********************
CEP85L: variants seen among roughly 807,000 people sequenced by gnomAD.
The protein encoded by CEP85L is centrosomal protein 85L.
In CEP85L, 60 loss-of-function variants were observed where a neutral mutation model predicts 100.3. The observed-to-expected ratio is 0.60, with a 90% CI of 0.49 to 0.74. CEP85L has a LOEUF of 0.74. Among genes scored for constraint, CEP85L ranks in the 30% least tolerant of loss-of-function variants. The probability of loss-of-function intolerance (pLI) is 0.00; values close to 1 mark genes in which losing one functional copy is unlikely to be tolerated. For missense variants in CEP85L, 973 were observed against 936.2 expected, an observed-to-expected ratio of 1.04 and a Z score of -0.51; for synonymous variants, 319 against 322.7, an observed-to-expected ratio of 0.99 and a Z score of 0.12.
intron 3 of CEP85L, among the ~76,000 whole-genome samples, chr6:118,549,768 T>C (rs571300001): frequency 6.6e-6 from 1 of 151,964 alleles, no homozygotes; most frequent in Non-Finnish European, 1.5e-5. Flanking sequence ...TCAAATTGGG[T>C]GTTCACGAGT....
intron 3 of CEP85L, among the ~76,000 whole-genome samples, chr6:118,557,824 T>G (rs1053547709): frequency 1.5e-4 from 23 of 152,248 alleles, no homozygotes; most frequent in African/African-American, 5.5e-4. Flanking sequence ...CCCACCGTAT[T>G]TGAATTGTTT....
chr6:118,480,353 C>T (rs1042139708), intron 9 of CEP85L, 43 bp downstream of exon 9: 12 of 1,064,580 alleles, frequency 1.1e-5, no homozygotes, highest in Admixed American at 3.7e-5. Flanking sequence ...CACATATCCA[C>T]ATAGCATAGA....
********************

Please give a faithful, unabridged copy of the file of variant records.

CEP85L: variants seen among roughly 807,000 people sequenced by gnomAD.
The protein encoded by CEP85L is centrosomal protein 85L.
In CEP85L, 60 loss-of-function variants were observed where a neutral mutation model predicts 100.3. The observed-to-expected ratio is 0.60, with a 90% CI of 0.49 to 0.74. CEP85L has a LOEUF of 0.74. Among genes scored for constraint, CEP85L ranks in the 30% least tolerant of loss-of-function variants. The probability of loss-of-function intolerance (pLI) is 0.00; values close to 1 mark genes in which losing one functional copy is unlikely to be tolerated. For missense variants in CEP85L, 973 were observed against 936.2 expected, an observed-to-expected ratio of 1.04 and a Z score of -0.51; for synonymous variants, 319 against 322.7, an observed-to-expected ratio of 0.99 and a Z score of 0.12.
intron 3 of CEP85L, among the ~76,000 whole-genome samples, chr6:118,549,768 T>C (rs571300001): frequency 6.6e-6 from 1 of 151,964 alleles, no homozygotes; most frequent in Non-Finnish European, 1.5e-5. Flanking sequence ...TCAAATTGGG[T>C]GTTCACGAGT....
intron 3 of CEP85L, among the ~76,000 whole-genome samples, chr6:118,557,824 T>G (rs1053547709): frequency 1.5e-4 from 23 of 152,248 alleles, no homozygotes; most frequent in African/African-American, 5.5e-4. Flanking sequence ...CCCACCGTAT[T>G]TGAATTGTTT....
chr6:118,480,353 C>T (rs1042139708), intron 9 of CEP85L, 43 bp downstream of exon 9: 12 of 1,064,580 alleles, frequency 1.1e-5, no homozygotes, highest in Admixed American at 3.7e-5. Flanking sequence ...CACATATCCA[C>T]ATAGCATAGA....